The parties in advance, increased by Scott with fourteen hundred and forty men, and on the twenty-

fifth by Wayne with a thousand more, composed a third of the army, and formed a fit command for the oldest major-general. But Lee refused it, saying that the plans of the commander-in-chief must surely fail. Upon this Washington intrusted it to Lafayette, who marched towards the enemy with alacrity. Lee now fretted at the wrong which he pretended was done to himself and to Lord Stirling. As Washington heard him unmoved, he wrote to Lafayette: ‘My fortune and my honor are in your hands: you are too generous to ruin the one or the other.’ And this appeal succeeded. [129]

On the twenty-sixth Lee was sent forward with

Chap. IV.} 1778. June 27.
two brigades, to command the whole advance party, with orders to attack the enemy's rear. Intense heat and heavy rains held both armies quiet on the twentyseventh; but just after noon on that day Washington, summoning the generals to headquarters, instructed them to engage the enemy on the next morning; and he directed Lee to concert with his officers the mode of attack. But when Lafayette, Wayne, and Maxwell at the appointed hour came to Lee, he refused to form a plan, so that none was made. Nor did he attempt to gain knowledge of the ground on which he was ordered to fight. In the evening he was charged by Washington to detach a party of six or eight hundred skirmishers to lie very near the enemy, and delay them, if they should move off at night, or early in the morning. The order was executed too tardily to have effect.

Informed, at five in the morning of the twenty-

eighth, that the British had begun their march from Monmouth, Lee remained inert, till Washington, who was the first to be in motion, sent him orders to attack the British rear, unless there should be very powerful reasons to the contrary, promising to come up rapidly to his support. He obeyed so far as to move, but languidly, without a plan, and without any concert with his generals, or of them with one another. To a proposal of Lafayette, Lee answered: ‘You don't know the British soldiers: we cannot stand against them.’ Upon this Lafayette sent to Washington, that his presence on the field was needed; and twice were similar messages sent by Laurens. Having orders to attack the enemy's left, Lafayette received [130] counter orders before he had proceeded one quarter
Chap. IV.} 1778. June 28.
of the way. Wayne was on the point of engaging the enemy in earnest, when he was enjoined only to make a feint. There was marching and conntermarching, crossing and recrossing a bridge, and a halt for an hour. To a French officer who expressed surprise, Lee said: ‘I have orders from congress and the commander-in-chief not to engage.’ Yet, to appear to do something, he professed as his object to cut off a small covering party.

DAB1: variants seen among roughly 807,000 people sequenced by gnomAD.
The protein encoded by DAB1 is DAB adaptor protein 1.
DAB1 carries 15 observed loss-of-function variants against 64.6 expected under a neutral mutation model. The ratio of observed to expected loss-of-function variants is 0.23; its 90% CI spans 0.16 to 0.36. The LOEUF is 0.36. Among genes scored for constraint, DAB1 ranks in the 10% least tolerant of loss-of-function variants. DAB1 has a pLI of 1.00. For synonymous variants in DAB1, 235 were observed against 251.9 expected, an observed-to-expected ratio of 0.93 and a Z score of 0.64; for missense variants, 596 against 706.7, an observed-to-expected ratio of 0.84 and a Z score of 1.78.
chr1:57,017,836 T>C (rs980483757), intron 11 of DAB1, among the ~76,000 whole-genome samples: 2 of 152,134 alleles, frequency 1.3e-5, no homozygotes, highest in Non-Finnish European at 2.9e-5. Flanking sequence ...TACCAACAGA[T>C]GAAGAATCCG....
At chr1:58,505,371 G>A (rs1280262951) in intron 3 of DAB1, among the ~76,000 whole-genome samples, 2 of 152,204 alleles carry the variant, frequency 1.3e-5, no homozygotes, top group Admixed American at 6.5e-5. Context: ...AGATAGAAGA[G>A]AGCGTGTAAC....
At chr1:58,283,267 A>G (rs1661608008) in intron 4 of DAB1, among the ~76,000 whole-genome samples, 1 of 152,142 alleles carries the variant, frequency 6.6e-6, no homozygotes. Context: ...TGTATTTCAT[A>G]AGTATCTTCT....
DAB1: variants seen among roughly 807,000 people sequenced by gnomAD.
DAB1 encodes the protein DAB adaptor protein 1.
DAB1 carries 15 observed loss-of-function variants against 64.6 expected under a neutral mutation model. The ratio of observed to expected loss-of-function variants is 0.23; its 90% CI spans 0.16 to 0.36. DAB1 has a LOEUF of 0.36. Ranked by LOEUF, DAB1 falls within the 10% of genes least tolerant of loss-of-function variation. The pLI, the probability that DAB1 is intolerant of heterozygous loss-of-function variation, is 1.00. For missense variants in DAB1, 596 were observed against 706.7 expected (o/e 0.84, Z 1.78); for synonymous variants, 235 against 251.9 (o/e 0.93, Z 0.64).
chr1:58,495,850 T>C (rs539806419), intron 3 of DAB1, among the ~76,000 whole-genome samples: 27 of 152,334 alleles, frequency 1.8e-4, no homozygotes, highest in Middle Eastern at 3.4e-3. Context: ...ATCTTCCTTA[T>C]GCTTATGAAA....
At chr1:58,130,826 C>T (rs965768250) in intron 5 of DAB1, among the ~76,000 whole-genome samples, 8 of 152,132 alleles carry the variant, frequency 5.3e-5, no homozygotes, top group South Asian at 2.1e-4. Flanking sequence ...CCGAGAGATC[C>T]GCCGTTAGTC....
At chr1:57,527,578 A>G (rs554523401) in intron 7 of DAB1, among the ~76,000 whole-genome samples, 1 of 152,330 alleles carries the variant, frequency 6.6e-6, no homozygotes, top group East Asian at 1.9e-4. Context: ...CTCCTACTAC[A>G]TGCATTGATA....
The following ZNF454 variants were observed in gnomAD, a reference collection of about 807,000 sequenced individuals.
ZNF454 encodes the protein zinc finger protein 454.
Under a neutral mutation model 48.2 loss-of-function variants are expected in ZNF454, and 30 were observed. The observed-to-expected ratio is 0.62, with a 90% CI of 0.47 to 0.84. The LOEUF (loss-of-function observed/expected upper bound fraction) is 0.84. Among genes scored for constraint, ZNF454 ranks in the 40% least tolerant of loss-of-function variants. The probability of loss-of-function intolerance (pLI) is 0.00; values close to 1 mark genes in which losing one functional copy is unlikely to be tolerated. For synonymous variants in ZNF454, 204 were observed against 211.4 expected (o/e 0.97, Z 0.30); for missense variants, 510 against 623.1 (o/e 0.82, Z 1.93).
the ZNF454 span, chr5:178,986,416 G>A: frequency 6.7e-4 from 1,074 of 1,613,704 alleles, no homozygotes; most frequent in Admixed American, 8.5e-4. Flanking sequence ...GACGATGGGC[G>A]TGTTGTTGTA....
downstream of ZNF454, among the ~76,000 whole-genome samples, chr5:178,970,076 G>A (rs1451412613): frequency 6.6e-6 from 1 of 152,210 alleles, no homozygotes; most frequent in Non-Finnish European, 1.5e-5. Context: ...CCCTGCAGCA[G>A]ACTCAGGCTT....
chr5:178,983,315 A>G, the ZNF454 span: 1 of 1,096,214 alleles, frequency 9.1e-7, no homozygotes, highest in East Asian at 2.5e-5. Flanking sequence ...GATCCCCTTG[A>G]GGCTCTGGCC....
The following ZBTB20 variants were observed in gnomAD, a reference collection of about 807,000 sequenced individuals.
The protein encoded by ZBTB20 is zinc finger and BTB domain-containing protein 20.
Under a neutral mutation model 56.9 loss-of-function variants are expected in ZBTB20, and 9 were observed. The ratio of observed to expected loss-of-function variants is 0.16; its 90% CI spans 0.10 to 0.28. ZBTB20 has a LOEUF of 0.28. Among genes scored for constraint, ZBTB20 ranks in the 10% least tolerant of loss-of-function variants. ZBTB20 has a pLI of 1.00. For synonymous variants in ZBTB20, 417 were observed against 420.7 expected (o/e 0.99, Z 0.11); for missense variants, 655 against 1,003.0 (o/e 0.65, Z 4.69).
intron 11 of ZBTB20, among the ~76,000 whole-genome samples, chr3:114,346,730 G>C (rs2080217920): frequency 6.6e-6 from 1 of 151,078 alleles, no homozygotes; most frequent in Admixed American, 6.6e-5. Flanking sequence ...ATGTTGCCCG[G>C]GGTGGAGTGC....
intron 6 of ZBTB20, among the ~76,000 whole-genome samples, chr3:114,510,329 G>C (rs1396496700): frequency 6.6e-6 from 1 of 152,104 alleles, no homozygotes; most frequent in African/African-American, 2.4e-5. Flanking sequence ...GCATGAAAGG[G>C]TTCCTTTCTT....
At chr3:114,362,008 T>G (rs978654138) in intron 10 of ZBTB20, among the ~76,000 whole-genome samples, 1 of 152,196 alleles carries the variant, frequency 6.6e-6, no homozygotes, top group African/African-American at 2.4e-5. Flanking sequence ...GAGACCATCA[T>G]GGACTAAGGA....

Thus Sir Henry Clinton gained time for preparation. His baggage, which occupied a line of eight miles or more, was sent onward, protected by a strong force under Knyphausen. The division of Cornwallis, and a brigade and a regiment of dragoons from Knyphausen's division, remained behind. At about eight in the morning Clinton sent against Lee two regiments of cavalry with the grenadiers, guards, and highlanders. Lee should now have ordered a retreat; but he left the largest part of his command to act for themselves, and then expressed indignation that they had retreated, confessing in the same breath that this act alone saved them from destruction. There had been no engagement, attack, or skirmish; nor was anything done to check the enemy as they followed the Americans through a narrow defile; nor was an order sent by Lee to any of the parties to rally, or a report transmitted to the commander-in-chief.

When Washington encountered the fugitives, he, in a voice of anger, demanded of Lee: ‘What is the meaning of this?’ Abashed and confused, Lee stammered: ‘Sir—Sir,’ and to the renewed inquiry answered: ‘You know that the attack was contrary [131] to my advice and opinion.’16 Washington rejoined:

Chap. IV.} 1778. June 28.
‘You should not have undertaken the command, unless you intended to carry it through.’ The precipitate flight of Lee, whether due to necessity, or the want of ability, or treachery, spread a baleful influence. The flower of the British army, led by Clinton and Cornwallis and numbering from six to eight thousand, were hotly chasing an unresisting enemy, when Washington, with his faculties quickened by the vexations of the morning and with cheerful ‘trust in that Providence which had never failed the country in its hour of distress,’ took measures to arrest the retreat. As the narrow road through which the enemy came on was bounded on each side by a morass, he swiftly formed two of the retreating regiments of Wayne's brigade, commanded by Stewart and Ramsay, in front of the pursuers and under their fire; and thus gained time to plant the troops that were advancing with him upon good ground. This being done, he again met Lee, who was doing nothing, ‘like one in a private capacity;’ and, finding in him no disposition to retrieve his character,17 ordered him to the rear. Lee gladly left the [132] field, believing that the Americans would be utterly
Chap. IV.} 1778. June 28.
beaten. Even Laurens hoped for no more than an orderly retreat, and Hamilton's thought was to die on the spot. But Washington's self-possession, his inspiring mien, his exposure of himself to every danger, and the obvious wisdom of his orders kindled the enthusiasm of officers and men; while Lee in the rear, sitting idly on horseback, explained to bystanders that ‘the attempt was madness and could not be successful.’ The British cavalry were easily driven back, and showed themselves no more. The regiments of foot came up next; but they could not turn the left flank where Stirling commanded, without exposing their own right to the American artillery. The attack upon the right where Greene commanded was defeated by his battery; while others encountered the grenadiers and guards till they turned and fled. As they rallied and came back to the charge, Wayne with a body of infantry engaged them face to face till they were again repulsed after great slaughter, Lieutenant-Colonel Monckton falling at the head of the grenadiers. During the day the heat reached ninety-six degrees in the shade, and many on both sides, struck by the sun, fell dead without a wound.